DENNIS SCHWARTZ Movie Reviews

 
RUBY SPARKS (directors: Jonathan Dayton/Valerie Faris; screenwriter: Zoe Kazan; cinematographer: Matthew Libatique; editor: Pamela Martin; music: Nick Urata; cast: Paul Dano (Calvin Weir-Fields), Zoe Kazan (Ruby Sparks), Antonio Banderas (Mort), Annette Bening (Gertrude), Steve Coogan (Langdon Tharp), Elliott Gould (Dr. Rosenthal), Chris Messina (Harry), Alia Shawkat (Mabel), Aasif Mandvi (Cyrus Modi), Toni Trucks (Susie), Deborah Ann Woll (Lila); Runtime: 104; MPAA Rating: R; producers: Albert Berger/Ron Yerxa; Fox Searchlight Pictures; 2012)

"A tepidly humored cerebral gimmicky fantasy film."

Reviewed by Dennis Schwartz 

A tepidly humored cerebral gimmicky fantasy film set in the luxurious Hollywood Hills, that offers its unique take on the Pygmalion myth. It's about a timid, self-absorbed, nerdy 29-year-old writer, Calvin Weir-Fields (Paul Dano, real-life boyfriend of Zoe Kazan), who ten years ago, after dropping out of high school, wrote a great best-selling novel but recently suffers from depression and writer's block. The forlorn Calvin is assigned by his therapist (Elliott Gould) to a one-page writing assignment about a dream girl he imagines and the patient conjures up a muse he would love to get romantic with, Ruby Sparks (Zoe Kazan, Elia Kazan’s granddaughter), and through movie magic she turns out to be for real (which passes as unexplained at how this is possible) as a 26-year-old painter from Dayton, Ohio. Co-directors Jonathan Dayton and Valerie Faris ("Little Miss Sunshine") try in a heavy-handed manner to spice up this cutesy premise with Calvin losing track of what's real and what's fiction, the only problem Ruby is perceived as real by his supportive but irritatingly crass brother (Chris Messina), who does so fearing bro is going crazy. Ruby's part is written without sex appeal-she's the bubbly kind of chick-as the couple go through a rather immature relationship that gets its cues as Calvin types the manuscript and dictates her actions.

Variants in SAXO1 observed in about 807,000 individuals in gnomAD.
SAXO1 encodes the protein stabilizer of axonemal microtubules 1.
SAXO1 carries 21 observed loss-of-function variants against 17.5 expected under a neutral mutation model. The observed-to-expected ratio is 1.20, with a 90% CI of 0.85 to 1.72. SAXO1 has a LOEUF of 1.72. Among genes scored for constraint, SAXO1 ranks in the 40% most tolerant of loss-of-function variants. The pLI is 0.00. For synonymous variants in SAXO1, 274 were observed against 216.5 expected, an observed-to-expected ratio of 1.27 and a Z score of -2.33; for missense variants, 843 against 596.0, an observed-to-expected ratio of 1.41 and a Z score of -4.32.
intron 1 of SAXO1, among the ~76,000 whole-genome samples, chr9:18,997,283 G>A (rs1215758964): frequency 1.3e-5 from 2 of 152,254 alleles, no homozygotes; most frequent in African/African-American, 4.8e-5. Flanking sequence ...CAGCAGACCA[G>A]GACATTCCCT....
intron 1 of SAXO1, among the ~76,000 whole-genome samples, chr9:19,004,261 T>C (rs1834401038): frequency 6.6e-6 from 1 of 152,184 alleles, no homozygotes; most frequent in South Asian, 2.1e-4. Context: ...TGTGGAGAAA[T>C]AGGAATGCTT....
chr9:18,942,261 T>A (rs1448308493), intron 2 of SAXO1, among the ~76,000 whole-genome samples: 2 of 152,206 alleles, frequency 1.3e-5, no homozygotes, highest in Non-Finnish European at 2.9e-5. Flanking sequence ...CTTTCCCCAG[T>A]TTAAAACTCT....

The screenplay by Ms. Kazan tries to take a crack at how women are perceived by men writers and tries to get something psychological worked up about the male author being a control freak who wants Ruby to follow the script he writes for her and when she rebels he overreacts. Ruby is viewed only as a movie character mouthing the author's agenda of taking some pot shots at Hollywood roles for actress roles being so limited. Though it makes a few minor points about women misrepresented in Hollywood by nerdy male writers, but leaves that hanging for a dull conclusion that brings the rom-com down for a safe landing.

The film voices affection for literary lions such as J. D. Salinger and F. Scott Fitzgerald, fantasy movies such as Harvey and movie legends like Bogie. In minor roles as eccentric characters are Annette Bening and Antonio Banderas as Calvin' Big Sur living hippie mother and her live-in avant-garde hippie boyfriend furniture maker; while Steve Coogan is an uncouth literary agent figure, who mentors the author.

REVIEWED ON 9/15/2012       GRADE: C

Dennis Schwartz: "Ozus' World Movie Reviews"

© ALL RIGHTS RESERVED   DENNIS SCHWARTZ